WHEN the legends of punk rock are recalled, a name that often gets forgotten is Johnny Moped.

But the band formed in Croydon in 1974 were one of the originals, playing regularly at the legendary Roxy Club in Covent Garden and appearing on the classic 1977 album, Live at the Roxy, alongside Buzzcocks, Eater, The Adverts, X-Ray Spex, The Damned and Slaughter and the Dogs.

With so few of those bands still playing, Johnny Moped provide a rare chance to see genuine punk veterans in action. Still led by singer Paul Halford, aka Johnny himself, they’re coming to Woking in March.

The current line-up includes long-time members guitarist Slimey Toad, bassist Jacko Pistorius, drummer Marty Love and second guitarist the Rock and Roll Robot.

“To be in the Mopeds you have to have a silly name,” says Rob Brook. “Slimey Toad called me Rock and Roll Robot. I don’t know why he calls me that, maybe he thinks I play like a robot.”

Rob knew the other members growing up in Croydon but didn’t join the band until 1991, saying: “It’s 28 years, but I’m still the new guy.

“I never saw the original band, as I was only about 11 when they formed. But I’ve known them all for years. It wasn’t really even a conscious decision to join, I played with them and then just hung around after that.”

Johnny Moped released a string of singles like No One, Darling Let’s Have Another Baby and Little Queenie at the height of punk, along with the 1978 album, Cycledelic. There was then a gap until 1991 when The Search For Xerxes came out followed by It’s A Real Cool Baby in 2016 and last year’s Lurrigate Your Mind.

Despite their longevity, the Mopeds have managed to avoid major success – even once dismissed as “moronic punk ’n’ roll”.

Rob thinks it’s down to luck. The band featured Ray Burns (Captain Sensible) in the original line-up, but he left to join The Damned as punk exploded, and Chrissie Hynde appeared with the Mopeds at the Roxy before going on to front The Pretenders.

“There’s some old footage on YouTube of her singing at the Roxy,” says Rob. “But apparently Johnny asked her to leave because Toad didn’t want two guitarists in the band… but now we have two.”

The bad luck continued when the band was revived in 1991 as the Johnny Moped Big Band.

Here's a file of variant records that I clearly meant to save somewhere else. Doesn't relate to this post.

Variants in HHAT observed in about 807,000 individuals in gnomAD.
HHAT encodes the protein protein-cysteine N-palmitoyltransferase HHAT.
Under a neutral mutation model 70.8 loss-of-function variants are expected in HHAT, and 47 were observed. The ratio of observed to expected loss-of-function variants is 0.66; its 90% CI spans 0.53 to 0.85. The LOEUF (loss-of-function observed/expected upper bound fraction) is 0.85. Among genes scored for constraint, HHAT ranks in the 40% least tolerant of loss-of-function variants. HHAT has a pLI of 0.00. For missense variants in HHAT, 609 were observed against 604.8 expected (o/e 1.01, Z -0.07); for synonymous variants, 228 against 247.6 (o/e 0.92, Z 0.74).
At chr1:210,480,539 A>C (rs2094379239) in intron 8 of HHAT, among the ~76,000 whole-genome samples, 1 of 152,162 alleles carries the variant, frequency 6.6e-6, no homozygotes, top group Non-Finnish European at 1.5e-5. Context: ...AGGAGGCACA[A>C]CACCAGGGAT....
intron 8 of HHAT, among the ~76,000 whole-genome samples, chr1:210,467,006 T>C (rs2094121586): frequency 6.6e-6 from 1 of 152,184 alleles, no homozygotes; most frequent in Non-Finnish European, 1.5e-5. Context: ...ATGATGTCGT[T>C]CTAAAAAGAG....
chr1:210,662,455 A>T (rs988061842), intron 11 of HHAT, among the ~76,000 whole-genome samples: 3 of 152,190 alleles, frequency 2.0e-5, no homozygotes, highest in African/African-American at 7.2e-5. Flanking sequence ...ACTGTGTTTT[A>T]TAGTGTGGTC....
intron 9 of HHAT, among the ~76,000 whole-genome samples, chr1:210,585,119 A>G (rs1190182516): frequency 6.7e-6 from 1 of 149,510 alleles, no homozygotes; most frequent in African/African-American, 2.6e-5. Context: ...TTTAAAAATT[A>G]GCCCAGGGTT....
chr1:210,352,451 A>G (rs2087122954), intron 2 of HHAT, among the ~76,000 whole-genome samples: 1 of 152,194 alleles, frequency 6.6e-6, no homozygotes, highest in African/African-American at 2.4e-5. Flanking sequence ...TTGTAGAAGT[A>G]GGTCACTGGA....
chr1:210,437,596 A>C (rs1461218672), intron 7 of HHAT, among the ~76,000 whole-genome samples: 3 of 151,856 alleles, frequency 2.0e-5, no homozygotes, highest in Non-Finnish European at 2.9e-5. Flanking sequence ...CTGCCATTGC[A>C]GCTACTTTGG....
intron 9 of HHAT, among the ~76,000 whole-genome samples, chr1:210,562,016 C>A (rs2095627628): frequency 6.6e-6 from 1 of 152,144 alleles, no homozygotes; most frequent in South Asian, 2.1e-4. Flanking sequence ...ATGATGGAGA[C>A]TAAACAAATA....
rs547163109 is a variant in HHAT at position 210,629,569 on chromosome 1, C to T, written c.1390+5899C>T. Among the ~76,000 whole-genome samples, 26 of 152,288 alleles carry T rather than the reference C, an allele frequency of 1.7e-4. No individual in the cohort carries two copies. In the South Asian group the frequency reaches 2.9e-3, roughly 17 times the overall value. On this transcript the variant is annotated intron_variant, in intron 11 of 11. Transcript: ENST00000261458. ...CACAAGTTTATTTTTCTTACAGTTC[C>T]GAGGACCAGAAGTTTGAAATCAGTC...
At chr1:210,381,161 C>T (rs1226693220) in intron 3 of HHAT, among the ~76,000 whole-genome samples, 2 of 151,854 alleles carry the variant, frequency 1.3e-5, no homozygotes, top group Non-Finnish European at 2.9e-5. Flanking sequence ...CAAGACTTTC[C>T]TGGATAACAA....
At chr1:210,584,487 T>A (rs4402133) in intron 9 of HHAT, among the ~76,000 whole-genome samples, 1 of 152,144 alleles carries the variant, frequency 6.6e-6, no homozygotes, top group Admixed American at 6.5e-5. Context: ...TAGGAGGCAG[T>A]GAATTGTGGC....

“When the second album came out we played three or four dates,” explains the current second guitarist. “At one of them, Kirsty McColl jumped on stage with us and someone was filming the gig from the balcony. In the film Johnny says ‘Welcome to Kirsty McColl’ and then the batteries went. The film then comes back just as he says ‘Thank you very much’.”

Having a legendary punk name does not pay the bills and Rob admits: “Johnny is probably the only professional in the band. Toad picks up wood and recycles it, I do a bit of ‘electrickery’, Pistorius packs meals and Marty sells toilets. We do live a very glamorous lifestyle!

“I got a royalties cheque through last week, for £3.67. I don’t know what I’m going to spend it on. I also get statements from our record label, Damaged Goods, every six months for about 3p. It’s unbelievable.

“If we were in it to make money we wouldn’t do it at all. But we’re going to play in Europe this year and, of course, play at Undercover in Woking.

“We still play some of the old songs from the Roxy days. We have quite a few to pick from now but we still love the old ones. We’ll definitely play some stuff from Cycledelic at the festival in Woking.”

And Johnny Moped will carry on – despite the lack of major success.

“I think it’s just John, we love playing with him and he loves it, so why not?” says Rob. Why not indeed.

Johnny Moped will play on Saturday 7 March at the Undercover Festival at Woking’s Fiery Bird. The event runs on Friday 6 March and Saturday 7 March, with acts including Subhumanz, Roddy Radiation and the Skabilly Rebels, Menace, Chelsea, XSLF and Radical Dance Faction.

Punk band 999 have had to pull out for personal reasons and will be replaced by The Hot Rods.